Huang T'ing-Chien's "Incense of Awareness": Poems of Exchange, Poems of Enlightenment
Posted on 25. May, 2009 by James Miller
|Title||Huang T'ing-Chien's "Incense of Awareness": Poems of Exchange, Poems of Enlightenment|
|Publication Type||Journal Article|
|Year of Publication||2001|
|Authors||Sargent, Stuart, and Huang T'ing-Chien|
|Journal||Journal of the American Oriental Society|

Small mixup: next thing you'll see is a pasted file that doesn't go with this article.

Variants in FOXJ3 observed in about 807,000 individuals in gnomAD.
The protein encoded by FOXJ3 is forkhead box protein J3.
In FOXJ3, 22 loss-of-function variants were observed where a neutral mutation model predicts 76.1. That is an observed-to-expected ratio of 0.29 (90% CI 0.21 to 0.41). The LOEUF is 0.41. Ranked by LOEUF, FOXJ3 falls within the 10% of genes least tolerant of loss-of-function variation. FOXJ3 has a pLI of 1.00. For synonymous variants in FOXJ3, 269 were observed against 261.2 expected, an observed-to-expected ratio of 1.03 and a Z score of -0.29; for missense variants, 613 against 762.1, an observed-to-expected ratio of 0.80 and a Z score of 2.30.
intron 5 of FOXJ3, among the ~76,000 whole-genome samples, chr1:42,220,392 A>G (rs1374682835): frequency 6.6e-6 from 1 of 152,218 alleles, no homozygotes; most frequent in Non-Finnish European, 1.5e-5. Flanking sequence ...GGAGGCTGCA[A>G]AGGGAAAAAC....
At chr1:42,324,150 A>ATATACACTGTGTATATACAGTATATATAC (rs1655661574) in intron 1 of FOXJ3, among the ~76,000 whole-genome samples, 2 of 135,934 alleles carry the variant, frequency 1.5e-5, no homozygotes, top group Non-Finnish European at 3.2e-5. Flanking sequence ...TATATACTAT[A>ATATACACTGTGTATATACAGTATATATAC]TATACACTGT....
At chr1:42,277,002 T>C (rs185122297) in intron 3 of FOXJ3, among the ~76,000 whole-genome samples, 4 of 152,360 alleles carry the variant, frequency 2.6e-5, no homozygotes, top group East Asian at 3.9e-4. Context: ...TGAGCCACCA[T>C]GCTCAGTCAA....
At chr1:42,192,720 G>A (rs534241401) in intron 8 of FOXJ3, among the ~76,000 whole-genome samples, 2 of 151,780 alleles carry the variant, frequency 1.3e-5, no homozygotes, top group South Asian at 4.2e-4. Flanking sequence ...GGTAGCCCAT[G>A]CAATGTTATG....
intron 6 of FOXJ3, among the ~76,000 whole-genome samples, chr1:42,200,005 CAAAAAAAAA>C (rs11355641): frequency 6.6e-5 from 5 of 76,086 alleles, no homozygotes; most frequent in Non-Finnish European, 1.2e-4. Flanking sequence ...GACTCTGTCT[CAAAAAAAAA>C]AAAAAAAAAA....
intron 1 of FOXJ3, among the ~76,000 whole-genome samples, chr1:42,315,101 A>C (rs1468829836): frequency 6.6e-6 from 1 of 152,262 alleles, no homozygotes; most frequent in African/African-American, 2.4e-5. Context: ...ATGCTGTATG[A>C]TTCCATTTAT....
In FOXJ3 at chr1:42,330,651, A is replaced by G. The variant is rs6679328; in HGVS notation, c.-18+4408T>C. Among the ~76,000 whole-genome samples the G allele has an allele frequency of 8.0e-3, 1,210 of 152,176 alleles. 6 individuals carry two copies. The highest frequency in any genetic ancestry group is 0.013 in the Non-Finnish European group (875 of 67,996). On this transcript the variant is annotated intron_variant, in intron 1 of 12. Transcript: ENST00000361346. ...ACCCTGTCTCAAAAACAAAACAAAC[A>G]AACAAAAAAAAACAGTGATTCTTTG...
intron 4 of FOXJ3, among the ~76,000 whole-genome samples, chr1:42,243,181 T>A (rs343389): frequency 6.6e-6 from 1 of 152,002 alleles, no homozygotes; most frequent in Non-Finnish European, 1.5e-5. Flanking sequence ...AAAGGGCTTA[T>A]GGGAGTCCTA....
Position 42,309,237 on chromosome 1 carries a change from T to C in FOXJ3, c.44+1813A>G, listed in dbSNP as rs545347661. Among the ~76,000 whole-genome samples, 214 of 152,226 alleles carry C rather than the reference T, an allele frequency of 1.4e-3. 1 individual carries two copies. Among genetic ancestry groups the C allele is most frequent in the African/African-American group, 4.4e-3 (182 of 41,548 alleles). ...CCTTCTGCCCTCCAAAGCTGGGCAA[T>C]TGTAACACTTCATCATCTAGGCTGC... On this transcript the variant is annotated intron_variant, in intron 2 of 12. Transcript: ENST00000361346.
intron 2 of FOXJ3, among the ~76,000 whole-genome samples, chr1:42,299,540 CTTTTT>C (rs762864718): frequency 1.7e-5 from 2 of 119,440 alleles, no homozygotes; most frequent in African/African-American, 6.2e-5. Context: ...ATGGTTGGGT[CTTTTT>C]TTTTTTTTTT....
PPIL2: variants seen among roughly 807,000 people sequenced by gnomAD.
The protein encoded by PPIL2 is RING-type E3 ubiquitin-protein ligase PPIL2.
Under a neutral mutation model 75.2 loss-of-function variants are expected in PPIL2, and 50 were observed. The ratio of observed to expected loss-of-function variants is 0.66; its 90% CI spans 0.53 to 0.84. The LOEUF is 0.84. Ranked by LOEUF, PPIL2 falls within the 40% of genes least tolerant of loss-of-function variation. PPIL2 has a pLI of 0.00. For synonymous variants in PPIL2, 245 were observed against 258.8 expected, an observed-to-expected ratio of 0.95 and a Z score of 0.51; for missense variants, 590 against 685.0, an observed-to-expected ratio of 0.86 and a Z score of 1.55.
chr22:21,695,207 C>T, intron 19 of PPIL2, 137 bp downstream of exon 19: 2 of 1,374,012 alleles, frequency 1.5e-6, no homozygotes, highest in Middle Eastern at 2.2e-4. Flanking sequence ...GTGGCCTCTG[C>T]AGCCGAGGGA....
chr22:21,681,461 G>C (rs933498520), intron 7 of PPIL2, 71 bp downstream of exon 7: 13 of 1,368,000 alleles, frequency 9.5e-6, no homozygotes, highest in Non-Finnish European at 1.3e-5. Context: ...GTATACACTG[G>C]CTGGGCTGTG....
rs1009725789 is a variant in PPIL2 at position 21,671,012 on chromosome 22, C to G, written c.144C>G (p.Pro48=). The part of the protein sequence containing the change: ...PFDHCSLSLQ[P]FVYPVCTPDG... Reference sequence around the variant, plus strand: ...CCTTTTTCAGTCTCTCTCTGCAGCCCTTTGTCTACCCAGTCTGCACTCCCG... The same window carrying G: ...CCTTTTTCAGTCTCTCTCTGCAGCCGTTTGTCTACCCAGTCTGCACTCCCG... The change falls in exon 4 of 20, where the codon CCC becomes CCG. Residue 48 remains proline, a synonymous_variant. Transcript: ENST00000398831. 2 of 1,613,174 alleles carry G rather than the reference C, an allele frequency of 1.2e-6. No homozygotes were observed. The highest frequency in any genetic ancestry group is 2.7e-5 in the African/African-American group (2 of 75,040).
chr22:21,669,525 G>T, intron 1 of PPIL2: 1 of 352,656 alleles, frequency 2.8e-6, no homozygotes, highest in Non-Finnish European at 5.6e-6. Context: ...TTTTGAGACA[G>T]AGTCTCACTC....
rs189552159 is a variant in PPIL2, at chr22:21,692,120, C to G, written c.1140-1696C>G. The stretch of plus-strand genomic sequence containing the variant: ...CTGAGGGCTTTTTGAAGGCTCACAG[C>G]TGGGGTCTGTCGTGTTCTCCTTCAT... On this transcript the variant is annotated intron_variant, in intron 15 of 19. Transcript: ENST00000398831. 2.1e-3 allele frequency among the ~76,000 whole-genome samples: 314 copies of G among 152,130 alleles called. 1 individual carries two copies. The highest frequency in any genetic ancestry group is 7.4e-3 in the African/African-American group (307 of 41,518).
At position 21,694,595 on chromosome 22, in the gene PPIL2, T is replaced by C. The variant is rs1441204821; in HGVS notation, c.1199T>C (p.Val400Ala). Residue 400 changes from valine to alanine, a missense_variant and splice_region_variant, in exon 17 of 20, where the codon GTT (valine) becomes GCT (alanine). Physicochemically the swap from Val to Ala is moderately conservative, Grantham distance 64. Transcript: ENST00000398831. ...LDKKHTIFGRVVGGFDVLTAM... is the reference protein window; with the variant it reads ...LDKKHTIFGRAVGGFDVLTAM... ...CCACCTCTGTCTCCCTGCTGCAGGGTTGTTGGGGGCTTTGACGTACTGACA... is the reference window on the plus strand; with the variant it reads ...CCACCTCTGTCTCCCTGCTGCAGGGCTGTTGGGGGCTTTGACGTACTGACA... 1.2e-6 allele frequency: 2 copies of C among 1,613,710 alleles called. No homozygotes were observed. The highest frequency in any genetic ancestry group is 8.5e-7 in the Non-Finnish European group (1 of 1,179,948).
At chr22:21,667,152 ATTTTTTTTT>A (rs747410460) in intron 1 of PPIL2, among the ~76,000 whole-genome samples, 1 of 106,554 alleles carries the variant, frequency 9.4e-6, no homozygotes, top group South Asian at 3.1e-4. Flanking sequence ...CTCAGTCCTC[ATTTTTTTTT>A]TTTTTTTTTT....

The writing of poems in association with objects that were exchanged as gifts became a common practice in eleventh-century China. Two sets of poems by Huang T'ing-chien written in 1086 in response to gifts of incense provide an index of his poetic techniques and an instructive contrast with the techniques of Su Shih. In the first set, Huang sees incense in terms of the process by which it is made or the ways in which it functions in the life of those who use it; there are both social and religious themes. Huang also explores in complex and subtle ways the multiple meanings of words, a central theme of his poetics. In the second set, Huang T'ing-chien enters into several exchanges of poems with Su Shih. Su characteristically makes us see his active mind interpreting the world and interacting with the other party to the poetic exchange; Huang also shifts his focus to his friendship with the other poet, but he does not depart from the incense theme, as Su does. Finally, an unrelated pair of poems written in jest takes us back for a concluding look at Huang's primary interest: the contingent reality of both incense and words.